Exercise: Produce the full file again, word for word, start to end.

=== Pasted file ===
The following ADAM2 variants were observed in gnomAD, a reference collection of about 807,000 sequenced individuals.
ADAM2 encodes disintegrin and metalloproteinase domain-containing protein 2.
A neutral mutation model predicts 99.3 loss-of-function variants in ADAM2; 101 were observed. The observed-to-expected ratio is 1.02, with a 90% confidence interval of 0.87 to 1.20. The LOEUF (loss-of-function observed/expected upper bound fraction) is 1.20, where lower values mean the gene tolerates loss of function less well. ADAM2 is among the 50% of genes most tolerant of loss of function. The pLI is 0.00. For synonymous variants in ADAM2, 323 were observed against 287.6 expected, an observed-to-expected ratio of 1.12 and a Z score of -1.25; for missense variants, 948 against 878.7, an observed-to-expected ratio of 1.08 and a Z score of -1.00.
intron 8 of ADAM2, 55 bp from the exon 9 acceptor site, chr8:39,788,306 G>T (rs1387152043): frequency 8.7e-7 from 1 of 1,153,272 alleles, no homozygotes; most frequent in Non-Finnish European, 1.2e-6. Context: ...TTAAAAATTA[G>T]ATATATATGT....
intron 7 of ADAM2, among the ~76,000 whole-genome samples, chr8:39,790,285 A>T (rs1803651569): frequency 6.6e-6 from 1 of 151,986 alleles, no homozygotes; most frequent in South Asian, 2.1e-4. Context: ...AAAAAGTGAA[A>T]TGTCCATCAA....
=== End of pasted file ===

The following ADAM2 variants were observed in gnomAD, a reference collection of about 807,000 sequenced individuals.
ADAM2 encodes disintegrin and metalloproteinase domain-containing protein 2.
A neutral mutation model predicts 99.3 loss-of-function variants in ADAM2; 101 were observed. The observed-to-expected ratio is 1.02, with a 90% confidence interval of 0.87 to 1.20. The LOEUF (loss-of-function observed/expected upper bound fraction) is 1.20, where lower values mean the gene tolerates loss of function less well. ADAM2 is among the 50% of genes most tolerant of loss of function. The pLI is 0.00. For synonymous variants in ADAM2, 323 were observed against 287.6 expected, an observed-to-expected ratio of 1.12 and a Z score of -1.25; for missense variants, 948 against 878.7, an observed-to-expected ratio of 1.08 and a Z score of -1.00.
intron 8 of ADAM2, 55 bp from the exon 9 acceptor site, chr8:39,788,306 G>T (rs1387152043): frequency 8.7e-7 from 1 of 1,153,272 alleles, no homozygotes; most frequent in Non-Finnish European, 1.2e-6. Context: ...TTAAAAATTA[G>T]ATATATATGT....
intron 7 of ADAM2, among the ~76,000 whole-genome samples, chr8:39,790,285 A>T (rs1803651569): frequency 6.6e-6 from 1 of 151,986 alleles, no homozygotes; most frequent in South Asian, 2.1e-4. Context: ...AAAAAGTGAA[A>T]TGTCCATCAA....